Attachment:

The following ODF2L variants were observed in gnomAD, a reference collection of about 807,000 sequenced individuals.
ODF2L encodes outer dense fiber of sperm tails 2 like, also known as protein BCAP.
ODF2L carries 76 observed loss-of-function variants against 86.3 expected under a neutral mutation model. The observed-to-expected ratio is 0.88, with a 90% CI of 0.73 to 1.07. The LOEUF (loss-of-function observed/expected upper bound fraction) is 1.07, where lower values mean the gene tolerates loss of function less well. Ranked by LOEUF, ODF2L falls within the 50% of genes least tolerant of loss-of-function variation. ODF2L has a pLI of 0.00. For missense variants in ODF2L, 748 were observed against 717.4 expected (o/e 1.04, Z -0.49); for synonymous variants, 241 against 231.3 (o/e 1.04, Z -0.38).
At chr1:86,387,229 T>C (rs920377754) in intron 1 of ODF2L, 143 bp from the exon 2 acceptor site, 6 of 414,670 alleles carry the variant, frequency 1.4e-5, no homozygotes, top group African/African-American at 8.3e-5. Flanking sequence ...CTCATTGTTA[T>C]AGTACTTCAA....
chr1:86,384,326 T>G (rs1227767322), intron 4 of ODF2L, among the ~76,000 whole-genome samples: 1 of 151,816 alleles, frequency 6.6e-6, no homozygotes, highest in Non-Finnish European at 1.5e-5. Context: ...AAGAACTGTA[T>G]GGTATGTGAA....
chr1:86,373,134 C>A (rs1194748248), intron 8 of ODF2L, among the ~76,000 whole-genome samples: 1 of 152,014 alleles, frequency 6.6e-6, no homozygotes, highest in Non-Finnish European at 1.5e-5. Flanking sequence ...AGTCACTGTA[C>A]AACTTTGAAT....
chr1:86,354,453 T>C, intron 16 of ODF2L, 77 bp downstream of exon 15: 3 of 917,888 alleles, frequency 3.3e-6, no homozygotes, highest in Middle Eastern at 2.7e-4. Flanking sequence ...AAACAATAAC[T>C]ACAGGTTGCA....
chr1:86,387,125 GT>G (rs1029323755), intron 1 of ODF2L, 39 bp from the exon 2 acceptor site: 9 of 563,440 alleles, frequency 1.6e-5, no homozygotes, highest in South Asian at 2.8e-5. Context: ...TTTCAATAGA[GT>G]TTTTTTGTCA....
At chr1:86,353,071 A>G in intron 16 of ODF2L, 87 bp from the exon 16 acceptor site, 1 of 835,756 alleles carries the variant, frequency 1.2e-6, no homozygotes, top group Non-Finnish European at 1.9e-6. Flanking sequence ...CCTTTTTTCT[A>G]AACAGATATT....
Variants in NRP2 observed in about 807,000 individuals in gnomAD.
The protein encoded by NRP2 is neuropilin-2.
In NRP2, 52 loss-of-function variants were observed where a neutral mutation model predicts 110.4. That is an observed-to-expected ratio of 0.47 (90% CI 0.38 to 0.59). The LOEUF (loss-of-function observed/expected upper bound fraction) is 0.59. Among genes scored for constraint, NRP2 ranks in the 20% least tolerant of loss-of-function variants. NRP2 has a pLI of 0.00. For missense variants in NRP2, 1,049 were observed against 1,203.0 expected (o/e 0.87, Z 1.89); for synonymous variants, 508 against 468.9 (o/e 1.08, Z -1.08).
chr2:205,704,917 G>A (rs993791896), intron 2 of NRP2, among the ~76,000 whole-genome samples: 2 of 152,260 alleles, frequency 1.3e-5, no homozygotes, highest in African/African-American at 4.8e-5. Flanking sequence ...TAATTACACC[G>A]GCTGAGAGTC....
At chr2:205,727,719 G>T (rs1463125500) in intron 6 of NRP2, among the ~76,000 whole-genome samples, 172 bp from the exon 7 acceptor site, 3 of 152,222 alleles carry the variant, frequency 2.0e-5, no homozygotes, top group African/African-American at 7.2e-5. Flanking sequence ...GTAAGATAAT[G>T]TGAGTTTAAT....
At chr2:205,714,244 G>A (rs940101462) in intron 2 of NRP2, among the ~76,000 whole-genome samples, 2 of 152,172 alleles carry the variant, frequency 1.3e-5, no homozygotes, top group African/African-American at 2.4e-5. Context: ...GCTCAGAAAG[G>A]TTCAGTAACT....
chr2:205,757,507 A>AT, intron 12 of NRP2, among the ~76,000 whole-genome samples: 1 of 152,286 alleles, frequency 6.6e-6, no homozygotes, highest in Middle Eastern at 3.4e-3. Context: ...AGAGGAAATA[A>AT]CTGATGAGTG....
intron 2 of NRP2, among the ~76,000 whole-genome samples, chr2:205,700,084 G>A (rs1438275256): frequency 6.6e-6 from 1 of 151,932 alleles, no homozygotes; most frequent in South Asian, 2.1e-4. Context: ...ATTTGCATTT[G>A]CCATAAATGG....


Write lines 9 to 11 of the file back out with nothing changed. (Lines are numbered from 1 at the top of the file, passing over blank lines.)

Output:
At chr1:86,353,071 A>G in intron 16 of ODF2L, 87 bp from the exon 16 acceptor site, 1 of 835,756 alleles carries the variant, frequency 1.2e-6, no homozygotes, top group Non-Finnish European at 1.9e-6. Flanking sequence ...CCTTTTTTCT[A>G]AACAGATATT....
Variants in NRP2 observed in about 807,000 individuals in gnomAD.
The protein encoded by NRP2 is neuropilin-2.